A hearing was held in this matter on November 22, 2005, and the parties have fully briefed the issues presented. The last brief filed in this matter was on January 25, 2006. As indicated above, the Government has challenged four aspects of the order issued by this Court: 1) the requirement that the Government file a return within 30 days, 2) the request that the Government supply the Court with an estimate of the time necessary to conduct its search of the seized materials, 3) the ban on searching the seized material until further order of the Court, and 4) the requirement that the Government furnish a computer search protocol.
As the Government recognizes, Rule 41(e)(2) of the Federal Rules of Criminal Procedure gives the Court the authority to set a time limit for the execution of the warrant that does not exceed 10 days and to decide whether the warrant can be executed in the daytime or nighttime. When a search warrant is typically issued by the Court, the Government is given the authority to search for contraband or alleged evidence of a crime within a specified period that does not exceed 10 days. The warrant requested in this case sought authority to seize property within the 10-day limit set by Rule 41(e)(2). The requested warrant, however, did not state any time period during which the search of the seized material would be conducted. This would allow the Government to seize all computers and digital media found at the residence, retain that material, and search it at its convenience. When initially presented with the warrant, the Court requested an estimate of the amount of time necessary to search the computers and/or digital media. The FBI agent informed the Court that it could give no such estimate to the Court. The Court asked the agent whether or not the search would be concluded within a year, and the FBI agent refused to make that assurance.
Other agencies have provided the Court with a timeline for conducting computer searches in their warrant request.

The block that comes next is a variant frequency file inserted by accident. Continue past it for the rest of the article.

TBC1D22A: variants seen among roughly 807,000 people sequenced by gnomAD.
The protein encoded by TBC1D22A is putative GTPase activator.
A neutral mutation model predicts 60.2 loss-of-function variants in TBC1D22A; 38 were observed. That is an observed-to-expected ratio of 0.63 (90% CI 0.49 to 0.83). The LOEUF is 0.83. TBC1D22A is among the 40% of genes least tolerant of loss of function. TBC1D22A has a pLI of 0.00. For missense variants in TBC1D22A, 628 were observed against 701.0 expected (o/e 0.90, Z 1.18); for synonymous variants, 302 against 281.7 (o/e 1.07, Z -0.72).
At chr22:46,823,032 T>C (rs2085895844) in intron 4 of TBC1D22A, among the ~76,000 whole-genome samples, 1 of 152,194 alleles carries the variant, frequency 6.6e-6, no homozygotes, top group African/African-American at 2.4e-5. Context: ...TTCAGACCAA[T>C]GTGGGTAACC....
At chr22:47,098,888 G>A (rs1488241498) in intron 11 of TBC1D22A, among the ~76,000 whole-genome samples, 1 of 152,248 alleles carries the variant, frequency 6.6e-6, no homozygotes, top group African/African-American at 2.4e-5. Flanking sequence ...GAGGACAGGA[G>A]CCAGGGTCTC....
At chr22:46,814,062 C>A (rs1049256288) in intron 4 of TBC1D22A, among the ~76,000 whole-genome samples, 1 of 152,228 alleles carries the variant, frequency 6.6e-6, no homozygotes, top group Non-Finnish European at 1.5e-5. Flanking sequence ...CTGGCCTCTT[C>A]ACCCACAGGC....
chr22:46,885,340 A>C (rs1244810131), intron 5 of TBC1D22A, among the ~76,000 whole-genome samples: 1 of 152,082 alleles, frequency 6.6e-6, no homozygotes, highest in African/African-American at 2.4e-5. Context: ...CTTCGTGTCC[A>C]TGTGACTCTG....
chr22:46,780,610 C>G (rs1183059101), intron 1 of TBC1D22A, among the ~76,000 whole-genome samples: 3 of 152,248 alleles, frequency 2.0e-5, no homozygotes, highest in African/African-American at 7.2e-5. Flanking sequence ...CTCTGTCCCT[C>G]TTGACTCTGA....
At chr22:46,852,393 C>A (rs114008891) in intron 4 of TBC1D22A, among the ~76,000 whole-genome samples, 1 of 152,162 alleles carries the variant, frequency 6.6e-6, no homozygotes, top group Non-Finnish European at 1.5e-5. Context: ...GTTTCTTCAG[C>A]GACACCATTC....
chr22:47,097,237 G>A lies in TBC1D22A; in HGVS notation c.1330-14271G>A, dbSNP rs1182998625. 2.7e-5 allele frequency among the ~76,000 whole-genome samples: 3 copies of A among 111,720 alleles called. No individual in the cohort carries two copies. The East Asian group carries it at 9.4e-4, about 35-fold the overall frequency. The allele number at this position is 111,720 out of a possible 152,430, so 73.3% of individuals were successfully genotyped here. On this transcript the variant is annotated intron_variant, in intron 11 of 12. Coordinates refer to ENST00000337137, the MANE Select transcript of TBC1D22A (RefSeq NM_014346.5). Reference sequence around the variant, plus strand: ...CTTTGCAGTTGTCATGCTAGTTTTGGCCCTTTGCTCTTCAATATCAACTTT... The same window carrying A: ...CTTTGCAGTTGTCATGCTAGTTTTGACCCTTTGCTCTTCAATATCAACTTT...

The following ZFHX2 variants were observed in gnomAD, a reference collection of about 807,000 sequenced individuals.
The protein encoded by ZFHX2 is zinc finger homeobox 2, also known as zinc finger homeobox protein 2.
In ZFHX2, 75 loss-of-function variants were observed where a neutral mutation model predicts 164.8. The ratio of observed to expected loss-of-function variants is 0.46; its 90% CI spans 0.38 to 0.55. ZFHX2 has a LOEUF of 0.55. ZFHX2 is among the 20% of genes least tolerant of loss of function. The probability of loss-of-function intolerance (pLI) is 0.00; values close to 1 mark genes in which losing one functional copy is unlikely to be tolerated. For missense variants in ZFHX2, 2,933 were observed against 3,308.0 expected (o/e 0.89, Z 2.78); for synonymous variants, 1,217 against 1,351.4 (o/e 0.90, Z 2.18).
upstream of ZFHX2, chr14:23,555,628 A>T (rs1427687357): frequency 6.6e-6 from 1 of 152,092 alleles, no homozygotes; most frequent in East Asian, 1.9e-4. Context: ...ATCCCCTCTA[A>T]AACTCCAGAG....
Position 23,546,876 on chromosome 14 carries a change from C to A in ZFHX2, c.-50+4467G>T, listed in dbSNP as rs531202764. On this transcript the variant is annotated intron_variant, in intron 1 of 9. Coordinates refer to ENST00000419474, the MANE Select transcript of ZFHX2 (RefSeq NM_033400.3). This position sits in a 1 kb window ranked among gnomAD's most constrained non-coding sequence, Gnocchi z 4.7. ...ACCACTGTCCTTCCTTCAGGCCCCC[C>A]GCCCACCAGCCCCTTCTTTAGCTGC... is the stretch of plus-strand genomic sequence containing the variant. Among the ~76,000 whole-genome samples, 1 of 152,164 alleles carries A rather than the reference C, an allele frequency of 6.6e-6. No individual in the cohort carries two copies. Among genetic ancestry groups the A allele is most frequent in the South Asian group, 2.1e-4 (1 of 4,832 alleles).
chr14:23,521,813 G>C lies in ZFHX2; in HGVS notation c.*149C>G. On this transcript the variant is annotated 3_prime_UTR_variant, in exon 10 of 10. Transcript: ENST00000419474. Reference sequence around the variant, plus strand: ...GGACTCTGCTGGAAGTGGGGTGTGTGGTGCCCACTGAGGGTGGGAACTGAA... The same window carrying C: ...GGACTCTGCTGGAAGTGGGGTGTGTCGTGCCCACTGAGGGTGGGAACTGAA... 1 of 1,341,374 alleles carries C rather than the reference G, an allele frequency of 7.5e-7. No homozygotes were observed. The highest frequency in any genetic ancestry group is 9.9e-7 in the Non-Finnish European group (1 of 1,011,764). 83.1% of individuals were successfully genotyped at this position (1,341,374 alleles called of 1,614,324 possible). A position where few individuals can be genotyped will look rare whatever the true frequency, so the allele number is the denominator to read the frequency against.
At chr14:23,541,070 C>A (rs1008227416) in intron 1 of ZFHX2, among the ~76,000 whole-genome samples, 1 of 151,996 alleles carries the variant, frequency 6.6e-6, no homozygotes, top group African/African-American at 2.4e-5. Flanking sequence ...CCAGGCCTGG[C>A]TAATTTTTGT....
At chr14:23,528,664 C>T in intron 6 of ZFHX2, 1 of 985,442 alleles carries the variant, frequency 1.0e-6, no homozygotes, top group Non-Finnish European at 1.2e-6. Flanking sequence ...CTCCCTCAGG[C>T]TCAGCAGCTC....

The affidavit provided to the Court established that the suspect, Heath Condon, was not the only resident at 1406 N. 2nd Avenue, Iron River, Michigan. The proposed warrant requested the authority to seize all computers and digital media located at that residence. The material provided to the Court did not and could not identify how many computers were located at the residence or who those computers belonged to.
As established at the hearing, a home computer can contain a small library of books and other information. At the hearing, the Government presented evidence that suggests a home computer can easily hold 40,000 books. The Court can take judicial notice that home computers can be used to store an individual's private documents, photographs and papers, including marriage certificates, insurance policies, tax documents, bills and receipts, and files of personal correspondence. The warrant requested by the Government sought the authority to seize all the computers located at the residence and an unlimited amount of time to conduct a full search of the computers. As proposed, the warrant would have provided the Government with an unlimited amount of time to search all documents and information contained in all computers seized from the residence. The warrant provided the officers with complete discretion in searching the computers seized pursuant to the warrant.
An analysis of the Government's authority to search and seize evidence and the Court's authority to issue a warrant begins with the Fourth Amendment. The Fourth Amendment provides that:
No warrants shall issue, but upon probable cause, supported by oath or affirmation, and particularly describing the place to be searched and the person or things to be seized.
The particularity requirement applies both to the place to be searched and the person or things to be searched for and seized. The warrant must specifically identify the things to be seized. As the Supreme Court explained in Stanford v. State of Texas, 379 U.S. 476 (1965):